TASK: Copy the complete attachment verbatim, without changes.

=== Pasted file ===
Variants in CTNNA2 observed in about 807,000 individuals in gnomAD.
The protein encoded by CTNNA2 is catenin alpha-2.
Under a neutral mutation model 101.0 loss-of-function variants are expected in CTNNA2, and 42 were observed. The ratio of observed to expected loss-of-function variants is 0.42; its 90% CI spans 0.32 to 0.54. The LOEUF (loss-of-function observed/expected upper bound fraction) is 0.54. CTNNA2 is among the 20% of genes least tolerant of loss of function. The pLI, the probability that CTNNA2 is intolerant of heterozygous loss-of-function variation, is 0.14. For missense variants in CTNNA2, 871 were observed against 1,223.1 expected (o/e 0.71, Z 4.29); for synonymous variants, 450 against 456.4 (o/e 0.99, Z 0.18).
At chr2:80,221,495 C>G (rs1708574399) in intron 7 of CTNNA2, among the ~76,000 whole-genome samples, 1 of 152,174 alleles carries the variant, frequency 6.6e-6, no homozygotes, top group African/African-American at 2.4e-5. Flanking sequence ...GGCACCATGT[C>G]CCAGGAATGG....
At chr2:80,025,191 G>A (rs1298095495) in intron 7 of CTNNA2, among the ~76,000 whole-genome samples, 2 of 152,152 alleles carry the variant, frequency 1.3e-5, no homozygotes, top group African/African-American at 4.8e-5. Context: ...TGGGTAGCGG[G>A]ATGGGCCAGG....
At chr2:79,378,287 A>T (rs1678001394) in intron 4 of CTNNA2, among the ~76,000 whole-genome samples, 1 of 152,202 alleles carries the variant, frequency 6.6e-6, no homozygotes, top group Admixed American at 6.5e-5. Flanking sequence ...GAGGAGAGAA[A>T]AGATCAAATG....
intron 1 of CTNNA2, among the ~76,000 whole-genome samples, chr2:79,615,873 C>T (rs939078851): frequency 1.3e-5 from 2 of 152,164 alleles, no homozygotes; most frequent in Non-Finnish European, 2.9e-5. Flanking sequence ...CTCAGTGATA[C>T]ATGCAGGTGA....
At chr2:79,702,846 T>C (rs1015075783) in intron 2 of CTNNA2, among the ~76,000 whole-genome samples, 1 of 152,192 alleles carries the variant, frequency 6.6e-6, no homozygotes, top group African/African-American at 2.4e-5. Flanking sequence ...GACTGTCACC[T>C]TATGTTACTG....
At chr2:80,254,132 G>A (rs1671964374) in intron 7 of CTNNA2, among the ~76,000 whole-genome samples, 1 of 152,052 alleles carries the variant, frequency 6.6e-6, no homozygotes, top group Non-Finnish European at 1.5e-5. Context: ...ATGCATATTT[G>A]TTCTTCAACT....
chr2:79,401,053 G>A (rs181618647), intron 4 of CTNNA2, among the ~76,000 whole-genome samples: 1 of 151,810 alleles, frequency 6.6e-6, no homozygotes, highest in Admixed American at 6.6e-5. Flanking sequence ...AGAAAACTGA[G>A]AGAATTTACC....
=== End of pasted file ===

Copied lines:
Variants in CTNNA2 observed in about 807,000 individuals in gnomAD.
The protein encoded by CTNNA2 is catenin alpha-2.
Under a neutral mutation model 101.0 loss-of-function variants are expected in CTNNA2, and 42 were observed. The ratio of observed to expected loss-of-function variants is 0.42; its 90% CI spans 0.32 to 0.54. The LOEUF (loss-of-function observed/expected upper bound fraction) is 0.54. CTNNA2 is among the 20% of genes least tolerant of loss of function. The pLI, the probability that CTNNA2 is intolerant of heterozygous loss-of-function variation, is 0.14. For missense variants in CTNNA2, 871 were observed against 1,223.1 expected (o/e 0.71, Z 4.29); for synonymous variants, 450 against 456.4 (o/e 0.99, Z 0.18).
At chr2:80,221,495 C>G (rs1708574399) in intron 7 of CTNNA2, among the ~76,000 whole-genome samples, 1 of 152,174 alleles carries the variant, frequency 6.6e-6, no homozygotes, top group African/African-American at 2.4e-5. Flanking sequence ...GGCACCATGT[C>G]CCAGGAATGG....
At chr2:80,025,191 G>A (rs1298095495) in intron 7 of CTNNA2, among the ~76,000 whole-genome samples, 2 of 152,152 alleles carry the variant, frequency 1.3e-5, no homozygotes, top group African/African-American at 4.8e-5. Context: ...TGGGTAGCGG[G>A]ATGGGCCAGG....
At chr2:79,378,287 A>T (rs1678001394) in intron 4 of CTNNA2, among the ~76,000 whole-genome samples, 1 of 152,202 alleles carries the variant, frequency 6.6e-6, no homozygotes, top group Admixed American at 6.5e-5. Flanking sequence ...GAGGAGAGAA[A>T]AGATCAAATG....
intron 1 of CTNNA2, among the ~76,000 whole-genome samples, chr2:79,615,873 C>T (rs939078851): frequency 1.3e-5 from 2 of 152,164 alleles, no homozygotes; most frequent in Non-Finnish European, 2.9e-5. Flanking sequence ...CTCAGTGATA[C>T]ATGCAGGTGA....
At chr2:79,702,846 T>C (rs1015075783) in intron 2 of CTNNA2, among the ~76,000 whole-genome samples, 1 of 152,192 alleles carries the variant, frequency 6.6e-6, no homozygotes, top group African/African-American at 2.4e-5. Flanking sequence ...GACTGTCACC[T>C]TATGTTACTG....
At chr2:80,254,132 G>A (rs1671964374) in intron 7 of CTNNA2, among the ~76,000 whole-genome samples, 1 of 152,052 alleles carries the variant, frequency 6.6e-6, no homozygotes, top group Non-Finnish European at 1.5e-5. Context: ...ATGCATATTT[G>A]TTCTTCAACT....
chr2:79,401,053 G>A (rs181618647), intron 4 of CTNNA2, among the ~76,000 whole-genome samples: 1 of 151,810 alleles, frequency 6.6e-6, no homozygotes, highest in Admixed American at 6.6e-5. Flanking sequence ...AGAAAACTGA[G>A]AGAATTTACC....